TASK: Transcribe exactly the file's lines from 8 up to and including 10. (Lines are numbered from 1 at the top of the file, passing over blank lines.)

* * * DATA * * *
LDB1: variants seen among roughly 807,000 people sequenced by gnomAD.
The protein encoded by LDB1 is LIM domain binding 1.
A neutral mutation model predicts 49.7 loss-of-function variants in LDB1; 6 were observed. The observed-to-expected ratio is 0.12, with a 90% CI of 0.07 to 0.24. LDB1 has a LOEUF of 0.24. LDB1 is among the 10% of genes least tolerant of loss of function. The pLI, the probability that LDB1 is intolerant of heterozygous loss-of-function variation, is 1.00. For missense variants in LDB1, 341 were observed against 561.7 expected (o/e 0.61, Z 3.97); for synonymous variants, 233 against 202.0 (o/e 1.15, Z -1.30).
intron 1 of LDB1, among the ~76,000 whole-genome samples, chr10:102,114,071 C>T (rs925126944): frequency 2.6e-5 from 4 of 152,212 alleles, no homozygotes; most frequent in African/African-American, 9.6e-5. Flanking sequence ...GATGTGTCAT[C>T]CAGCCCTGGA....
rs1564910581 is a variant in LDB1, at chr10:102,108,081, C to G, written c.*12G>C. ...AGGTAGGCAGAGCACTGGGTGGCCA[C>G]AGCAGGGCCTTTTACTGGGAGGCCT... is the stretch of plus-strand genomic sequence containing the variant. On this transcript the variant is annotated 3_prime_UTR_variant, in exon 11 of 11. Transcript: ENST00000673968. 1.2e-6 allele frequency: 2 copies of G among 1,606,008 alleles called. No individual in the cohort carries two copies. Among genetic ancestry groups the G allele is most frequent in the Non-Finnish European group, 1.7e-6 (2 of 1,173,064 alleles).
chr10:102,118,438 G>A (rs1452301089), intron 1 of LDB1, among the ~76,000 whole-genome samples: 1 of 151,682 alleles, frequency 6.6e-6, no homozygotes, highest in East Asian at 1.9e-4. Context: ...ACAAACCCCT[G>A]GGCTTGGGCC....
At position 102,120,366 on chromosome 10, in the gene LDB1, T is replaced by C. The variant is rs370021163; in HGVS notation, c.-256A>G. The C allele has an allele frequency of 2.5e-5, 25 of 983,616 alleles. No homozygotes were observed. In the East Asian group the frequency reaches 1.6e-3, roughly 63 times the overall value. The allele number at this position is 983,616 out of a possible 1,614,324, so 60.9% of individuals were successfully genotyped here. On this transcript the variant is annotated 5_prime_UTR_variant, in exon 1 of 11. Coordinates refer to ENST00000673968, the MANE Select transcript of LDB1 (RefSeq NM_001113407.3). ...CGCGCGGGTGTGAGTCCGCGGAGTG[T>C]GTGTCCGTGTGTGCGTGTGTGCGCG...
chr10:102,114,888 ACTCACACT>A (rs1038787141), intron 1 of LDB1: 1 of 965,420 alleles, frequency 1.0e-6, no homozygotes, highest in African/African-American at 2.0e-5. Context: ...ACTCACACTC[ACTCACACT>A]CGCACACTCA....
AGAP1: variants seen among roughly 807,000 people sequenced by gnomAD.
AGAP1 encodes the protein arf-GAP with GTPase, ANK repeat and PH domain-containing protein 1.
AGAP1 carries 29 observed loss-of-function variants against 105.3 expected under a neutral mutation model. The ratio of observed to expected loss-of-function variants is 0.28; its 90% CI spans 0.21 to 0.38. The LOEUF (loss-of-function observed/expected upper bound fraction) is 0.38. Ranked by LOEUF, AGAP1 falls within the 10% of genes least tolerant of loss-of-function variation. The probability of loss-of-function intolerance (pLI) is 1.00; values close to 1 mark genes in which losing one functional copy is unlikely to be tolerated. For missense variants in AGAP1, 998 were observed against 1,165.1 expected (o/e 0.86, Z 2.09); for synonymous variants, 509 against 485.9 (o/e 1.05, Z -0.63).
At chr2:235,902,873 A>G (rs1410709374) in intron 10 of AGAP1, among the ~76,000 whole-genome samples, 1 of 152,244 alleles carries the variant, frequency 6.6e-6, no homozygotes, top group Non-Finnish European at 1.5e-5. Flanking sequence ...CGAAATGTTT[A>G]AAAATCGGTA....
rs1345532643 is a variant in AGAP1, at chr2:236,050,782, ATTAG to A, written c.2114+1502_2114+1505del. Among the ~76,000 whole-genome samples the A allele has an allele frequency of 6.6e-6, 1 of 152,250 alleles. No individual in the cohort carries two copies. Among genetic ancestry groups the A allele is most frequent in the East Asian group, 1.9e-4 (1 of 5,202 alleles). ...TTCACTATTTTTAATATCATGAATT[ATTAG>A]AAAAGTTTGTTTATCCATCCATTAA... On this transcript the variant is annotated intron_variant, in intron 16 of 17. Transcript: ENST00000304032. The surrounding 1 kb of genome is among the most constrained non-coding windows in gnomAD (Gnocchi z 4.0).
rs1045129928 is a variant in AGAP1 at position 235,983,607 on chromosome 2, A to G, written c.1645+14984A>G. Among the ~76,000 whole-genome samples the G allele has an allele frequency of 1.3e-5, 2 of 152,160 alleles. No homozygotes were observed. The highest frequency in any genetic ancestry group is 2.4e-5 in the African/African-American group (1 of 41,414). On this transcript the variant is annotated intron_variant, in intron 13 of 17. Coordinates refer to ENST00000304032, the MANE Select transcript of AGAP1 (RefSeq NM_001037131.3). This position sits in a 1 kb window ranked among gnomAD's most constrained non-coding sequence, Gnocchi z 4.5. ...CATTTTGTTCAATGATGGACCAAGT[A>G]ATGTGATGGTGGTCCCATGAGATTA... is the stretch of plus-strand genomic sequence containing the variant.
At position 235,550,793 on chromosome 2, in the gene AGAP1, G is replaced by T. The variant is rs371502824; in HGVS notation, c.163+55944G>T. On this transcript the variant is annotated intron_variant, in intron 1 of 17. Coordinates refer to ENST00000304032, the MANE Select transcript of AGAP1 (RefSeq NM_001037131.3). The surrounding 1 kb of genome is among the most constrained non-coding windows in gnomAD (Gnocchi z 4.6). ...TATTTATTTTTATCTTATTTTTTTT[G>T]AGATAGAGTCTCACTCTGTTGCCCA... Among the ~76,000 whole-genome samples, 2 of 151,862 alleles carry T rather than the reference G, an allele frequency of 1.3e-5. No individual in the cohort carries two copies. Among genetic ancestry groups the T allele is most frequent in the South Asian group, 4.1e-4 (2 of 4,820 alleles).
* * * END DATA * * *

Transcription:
chr10:102,114,888 ACTCACACT>A (rs1038787141), intron 1 of LDB1: 1 of 965,420 alleles, frequency 1.0e-6, no homozygotes, highest in African/African-American at 2.0e-5. Context: ...ACTCACACTC[ACTCACACT>A]CGCACACTCA....
AGAP1: variants seen among roughly 807,000 people sequenced by gnomAD.
AGAP1 encodes the protein arf-GAP with GTPase, ANK repeat and PH domain-containing protein 1.